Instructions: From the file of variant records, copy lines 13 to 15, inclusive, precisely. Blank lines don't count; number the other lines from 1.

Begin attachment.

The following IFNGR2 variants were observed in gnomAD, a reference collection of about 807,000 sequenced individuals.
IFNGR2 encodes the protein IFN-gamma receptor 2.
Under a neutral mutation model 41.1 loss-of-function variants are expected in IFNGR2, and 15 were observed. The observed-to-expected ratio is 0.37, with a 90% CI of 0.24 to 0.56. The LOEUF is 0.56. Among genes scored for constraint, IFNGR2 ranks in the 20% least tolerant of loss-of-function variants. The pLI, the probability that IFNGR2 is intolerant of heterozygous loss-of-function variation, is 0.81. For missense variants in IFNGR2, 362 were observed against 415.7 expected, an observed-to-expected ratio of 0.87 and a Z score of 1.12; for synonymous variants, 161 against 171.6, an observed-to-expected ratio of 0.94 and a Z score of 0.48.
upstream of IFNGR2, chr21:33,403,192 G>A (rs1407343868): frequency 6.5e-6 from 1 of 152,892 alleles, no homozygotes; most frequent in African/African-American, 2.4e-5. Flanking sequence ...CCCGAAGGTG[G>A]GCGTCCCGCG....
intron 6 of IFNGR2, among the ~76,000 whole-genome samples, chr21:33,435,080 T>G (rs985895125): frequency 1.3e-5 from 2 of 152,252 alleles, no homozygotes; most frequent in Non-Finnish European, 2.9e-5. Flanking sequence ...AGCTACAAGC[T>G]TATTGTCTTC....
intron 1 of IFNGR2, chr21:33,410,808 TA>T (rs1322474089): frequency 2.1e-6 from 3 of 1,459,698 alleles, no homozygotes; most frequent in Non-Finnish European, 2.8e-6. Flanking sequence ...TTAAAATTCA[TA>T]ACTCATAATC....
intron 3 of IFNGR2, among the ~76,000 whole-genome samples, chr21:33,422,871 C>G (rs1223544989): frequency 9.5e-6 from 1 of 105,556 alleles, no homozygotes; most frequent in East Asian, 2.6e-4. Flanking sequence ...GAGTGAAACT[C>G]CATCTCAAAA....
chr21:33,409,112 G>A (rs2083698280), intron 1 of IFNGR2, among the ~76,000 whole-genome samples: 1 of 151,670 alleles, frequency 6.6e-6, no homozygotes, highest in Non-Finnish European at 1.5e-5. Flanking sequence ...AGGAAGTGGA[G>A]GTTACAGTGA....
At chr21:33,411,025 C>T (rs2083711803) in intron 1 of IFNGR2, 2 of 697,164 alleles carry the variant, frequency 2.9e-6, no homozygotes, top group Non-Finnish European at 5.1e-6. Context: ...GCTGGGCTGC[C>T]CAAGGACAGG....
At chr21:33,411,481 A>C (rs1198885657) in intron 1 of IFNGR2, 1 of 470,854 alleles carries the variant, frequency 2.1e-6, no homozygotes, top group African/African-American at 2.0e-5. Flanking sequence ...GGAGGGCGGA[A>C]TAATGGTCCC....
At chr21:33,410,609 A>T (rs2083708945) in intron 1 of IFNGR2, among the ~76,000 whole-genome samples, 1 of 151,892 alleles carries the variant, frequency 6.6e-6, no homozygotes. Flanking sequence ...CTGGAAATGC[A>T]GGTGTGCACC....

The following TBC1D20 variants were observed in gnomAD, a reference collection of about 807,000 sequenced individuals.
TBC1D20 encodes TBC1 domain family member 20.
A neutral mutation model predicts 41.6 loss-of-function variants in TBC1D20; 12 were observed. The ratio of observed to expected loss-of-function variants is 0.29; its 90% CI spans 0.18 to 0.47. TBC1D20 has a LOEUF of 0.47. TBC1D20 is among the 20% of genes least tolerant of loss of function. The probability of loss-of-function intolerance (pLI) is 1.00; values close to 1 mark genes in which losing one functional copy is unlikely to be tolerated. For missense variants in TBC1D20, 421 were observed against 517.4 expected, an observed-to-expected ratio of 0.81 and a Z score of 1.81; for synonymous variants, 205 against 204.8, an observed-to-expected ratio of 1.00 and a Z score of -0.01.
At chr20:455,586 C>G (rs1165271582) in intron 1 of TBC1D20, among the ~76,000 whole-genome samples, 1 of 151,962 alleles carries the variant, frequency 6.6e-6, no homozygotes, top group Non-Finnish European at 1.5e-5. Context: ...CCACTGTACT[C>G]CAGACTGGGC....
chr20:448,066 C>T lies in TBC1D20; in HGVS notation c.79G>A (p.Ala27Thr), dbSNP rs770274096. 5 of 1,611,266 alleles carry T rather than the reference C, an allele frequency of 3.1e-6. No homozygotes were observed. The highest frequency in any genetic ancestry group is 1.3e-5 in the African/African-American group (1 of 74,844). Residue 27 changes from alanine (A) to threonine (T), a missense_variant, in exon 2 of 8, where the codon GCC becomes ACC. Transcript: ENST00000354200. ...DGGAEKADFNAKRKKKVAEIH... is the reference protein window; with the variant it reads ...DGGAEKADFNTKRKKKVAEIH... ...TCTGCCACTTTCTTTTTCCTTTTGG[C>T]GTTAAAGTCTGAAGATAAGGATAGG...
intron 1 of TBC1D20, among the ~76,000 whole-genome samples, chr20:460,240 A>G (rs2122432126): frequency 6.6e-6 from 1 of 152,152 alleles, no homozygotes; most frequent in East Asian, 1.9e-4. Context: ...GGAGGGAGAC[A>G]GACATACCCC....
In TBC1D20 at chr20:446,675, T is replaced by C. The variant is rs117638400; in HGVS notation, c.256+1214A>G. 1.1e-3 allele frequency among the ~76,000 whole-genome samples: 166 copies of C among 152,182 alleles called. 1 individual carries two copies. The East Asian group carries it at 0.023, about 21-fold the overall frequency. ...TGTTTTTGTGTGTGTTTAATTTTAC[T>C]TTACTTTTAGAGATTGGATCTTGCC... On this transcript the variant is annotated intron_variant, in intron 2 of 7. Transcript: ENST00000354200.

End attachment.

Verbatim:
TBC1D20 encodes TBC1 domain family member 20.
A neutral mutation model predicts 41.6 loss-of-function variants in TBC1D20; 12 were observed. The ratio of observed to expected loss-of-function variants is 0.29; its 90% CI spans 0.18 to 0.47. TBC1D20 has a LOEUF of 0.47. TBC1D20 is among the 20% of genes least tolerant of loss of function. The probability of loss-of-function intolerance (pLI) is 1.00; values close to 1 mark genes in which losing one functional copy is unlikely to be tolerated. For missense variants in TBC1D20, 421 were observed against 517.4 expected, an observed-to-expected ratio of 0.81 and a Z score of 1.81; for synonymous variants, 205 against 204.8, an observed-to-expected ratio of 1.00 and a Z score of -0.01.
At chr20:455,586 C>G (rs1165271582) in intron 1 of TBC1D20, among the ~76,000 whole-genome samples, 1 of 151,962 alleles carries the variant, frequency 6.6e-6, no homozygotes, top group Non-Finnish European at 1.5e-5. Context: ...CCACTGTACT[C>G]CAGACTGGGC....